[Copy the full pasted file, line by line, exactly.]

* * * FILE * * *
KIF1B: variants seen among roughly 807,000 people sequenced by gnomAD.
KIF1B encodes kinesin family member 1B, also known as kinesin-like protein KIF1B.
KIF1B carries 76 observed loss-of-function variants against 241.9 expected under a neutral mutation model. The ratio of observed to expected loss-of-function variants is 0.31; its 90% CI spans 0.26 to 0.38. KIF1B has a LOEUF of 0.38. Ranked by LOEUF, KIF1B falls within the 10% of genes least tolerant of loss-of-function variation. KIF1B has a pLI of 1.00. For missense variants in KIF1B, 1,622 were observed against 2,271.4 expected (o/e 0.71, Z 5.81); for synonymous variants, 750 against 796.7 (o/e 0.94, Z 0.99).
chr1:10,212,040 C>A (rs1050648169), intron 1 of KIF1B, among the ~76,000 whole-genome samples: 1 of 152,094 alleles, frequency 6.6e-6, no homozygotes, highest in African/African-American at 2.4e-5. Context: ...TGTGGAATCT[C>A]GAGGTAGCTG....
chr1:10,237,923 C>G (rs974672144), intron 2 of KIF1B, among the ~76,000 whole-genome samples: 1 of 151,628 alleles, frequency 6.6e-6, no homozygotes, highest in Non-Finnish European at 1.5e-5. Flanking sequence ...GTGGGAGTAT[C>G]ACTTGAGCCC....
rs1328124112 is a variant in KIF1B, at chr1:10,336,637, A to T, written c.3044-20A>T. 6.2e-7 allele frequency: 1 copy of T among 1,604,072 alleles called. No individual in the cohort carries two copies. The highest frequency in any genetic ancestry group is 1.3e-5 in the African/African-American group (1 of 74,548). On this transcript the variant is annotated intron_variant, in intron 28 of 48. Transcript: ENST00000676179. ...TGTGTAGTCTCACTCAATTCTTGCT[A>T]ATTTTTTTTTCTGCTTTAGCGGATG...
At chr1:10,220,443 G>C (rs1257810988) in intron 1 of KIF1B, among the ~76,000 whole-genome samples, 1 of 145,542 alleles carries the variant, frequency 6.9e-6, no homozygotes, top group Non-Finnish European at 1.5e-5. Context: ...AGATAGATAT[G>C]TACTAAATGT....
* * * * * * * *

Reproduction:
KIF1B: variants seen among roughly 807,000 people sequenced by gnomAD.
KIF1B encodes kinesin family member 1B, also known as kinesin-like protein KIF1B.
KIF1B carries 76 observed loss-of-function variants against 241.9 expected under a neutral mutation model. The ratio of observed to expected loss-of-function variants is 0.31; its 90% CI spans 0.26 to 0.38. KIF1B has a LOEUF of 0.38. Ranked by LOEUF, KIF1B falls within the 10% of genes least tolerant of loss-of-function variation. KIF1B has a pLI of 1.00. For missense variants in KIF1B, 1,622 were observed against 2,271.4 expected (o/e 0.71, Z 5.81); for synonymous variants, 750 against 796.7 (o/e 0.94, Z 0.99).
chr1:10,212,040 C>A (rs1050648169), intron 1 of KIF1B, among the ~76,000 whole-genome samples: 1 of 152,094 alleles, frequency 6.6e-6, no homozygotes, highest in African/African-American at 2.4e-5. Context: ...TGTGGAATCT[C>A]GAGGTAGCTG....
chr1:10,237,923 C>G (rs974672144), intron 2 of KIF1B, among the ~76,000 whole-genome samples: 1 of 151,628 alleles, frequency 6.6e-6, no homozygotes, highest in Non-Finnish European at 1.5e-5. Flanking sequence ...GTGGGAGTAT[C>G]ACTTGAGCCC....
rs1328124112 is a variant in KIF1B, at chr1:10,336,637, A to T, written c.3044-20A>T. 6.2e-7 allele frequency: 1 copy of T among 1,604,072 alleles called. No individual in the cohort carries two copies. The highest frequency in any genetic ancestry group is 1.3e-5 in the African/African-American group (1 of 74,548). On this transcript the variant is annotated intron_variant, in intron 28 of 48. Transcript: ENST00000676179. ...TGTGTAGTCTCACTCAATTCTTGCT[A>T]ATTTTTTTTTCTGCTTTAGCGGATG...
At chr1:10,220,443 G>C (rs1257810988) in intron 1 of KIF1B, among the ~76,000 whole-genome samples, 1 of 145,542 alleles carries the variant, frequency 6.9e-6, no homozygotes, top group Non-Finnish European at 1.5e-5. Context: ...AGATAGATAT[G>C]TACTAAATGT....